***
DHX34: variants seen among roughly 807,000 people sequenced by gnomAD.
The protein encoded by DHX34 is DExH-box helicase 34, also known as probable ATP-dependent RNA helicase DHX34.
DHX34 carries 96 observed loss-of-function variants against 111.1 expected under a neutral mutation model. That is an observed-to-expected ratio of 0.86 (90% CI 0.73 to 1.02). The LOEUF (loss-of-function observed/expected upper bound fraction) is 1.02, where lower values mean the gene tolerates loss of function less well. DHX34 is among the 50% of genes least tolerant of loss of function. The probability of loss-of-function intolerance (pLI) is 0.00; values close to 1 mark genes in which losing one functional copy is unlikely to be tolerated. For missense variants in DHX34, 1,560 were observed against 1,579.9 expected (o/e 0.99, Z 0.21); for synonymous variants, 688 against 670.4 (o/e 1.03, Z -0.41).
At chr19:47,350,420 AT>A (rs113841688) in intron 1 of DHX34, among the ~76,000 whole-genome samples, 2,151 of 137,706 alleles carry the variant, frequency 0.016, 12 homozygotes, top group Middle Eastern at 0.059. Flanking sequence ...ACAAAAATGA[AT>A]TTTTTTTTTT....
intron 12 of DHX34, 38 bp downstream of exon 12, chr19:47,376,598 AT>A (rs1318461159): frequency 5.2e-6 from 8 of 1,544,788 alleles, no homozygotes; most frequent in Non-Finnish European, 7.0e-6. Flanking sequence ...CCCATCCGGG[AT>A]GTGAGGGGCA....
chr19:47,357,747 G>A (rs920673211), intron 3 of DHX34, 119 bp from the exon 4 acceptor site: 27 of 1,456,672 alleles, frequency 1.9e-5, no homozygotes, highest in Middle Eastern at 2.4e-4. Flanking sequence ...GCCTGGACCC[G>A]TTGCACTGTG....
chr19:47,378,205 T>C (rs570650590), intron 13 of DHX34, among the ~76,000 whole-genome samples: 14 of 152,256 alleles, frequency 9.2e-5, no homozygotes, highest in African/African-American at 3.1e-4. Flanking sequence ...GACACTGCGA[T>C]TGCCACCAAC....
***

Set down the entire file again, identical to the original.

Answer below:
DHX34: variants seen among roughly 807,000 people sequenced by gnomAD.
The protein encoded by DHX34 is DExH-box helicase 34, also known as probable ATP-dependent RNA helicase DHX34.
DHX34 carries 96 observed loss-of-function variants against 111.1 expected under a neutral mutation model. That is an observed-to-expected ratio of 0.86 (90% CI 0.73 to 1.02). The LOEUF (loss-of-function observed/expected upper bound fraction) is 1.02, where lower values mean the gene tolerates loss of function less well. DHX34 is among the 50% of genes least tolerant of loss of function. The probability of loss-of-function intolerance (pLI) is 0.00; values close to 1 mark genes in which losing one functional copy is unlikely to be tolerated. For missense variants in DHX34, 1,560 were observed against 1,579.9 expected (o/e 0.99, Z 0.21); for synonymous variants, 688 against 670.4 (o/e 1.03, Z -0.41).
At chr19:47,350,420 AT>A (rs113841688) in intron 1 of DHX34, among the ~76,000 whole-genome samples, 2,151 of 137,706 alleles carry the variant, frequency 0.016, 12 homozygotes, top group Middle Eastern at 0.059. Flanking sequence ...ACAAAAATGA[AT>A]TTTTTTTTTT....
intron 12 of DHX34, 38 bp downstream of exon 12, chr19:47,376,598 AT>A (rs1318461159): frequency 5.2e-6 from 8 of 1,544,788 alleles, no homozygotes; most frequent in Non-Finnish European, 7.0e-6. Flanking sequence ...CCCATCCGGG[AT>A]GTGAGGGGCA....
chr19:47,357,747 G>A (rs920673211), intron 3 of DHX34, 119 bp from the exon 4 acceptor site: 27 of 1,456,672 alleles, frequency 1.9e-5, no homozygotes, highest in Middle Eastern at 2.4e-4. Flanking sequence ...GCCTGGACCC[G>A]TTGCACTGTG....
chr19:47,378,205 T>C (rs570650590), intron 13 of DHX34, among the ~76,000 whole-genome samples: 14 of 152,256 alleles, frequency 9.2e-5, no homozygotes, highest in African/African-American at 3.1e-4. Flanking sequence ...GACACTGCGA[T>C]TGCCACCAAC....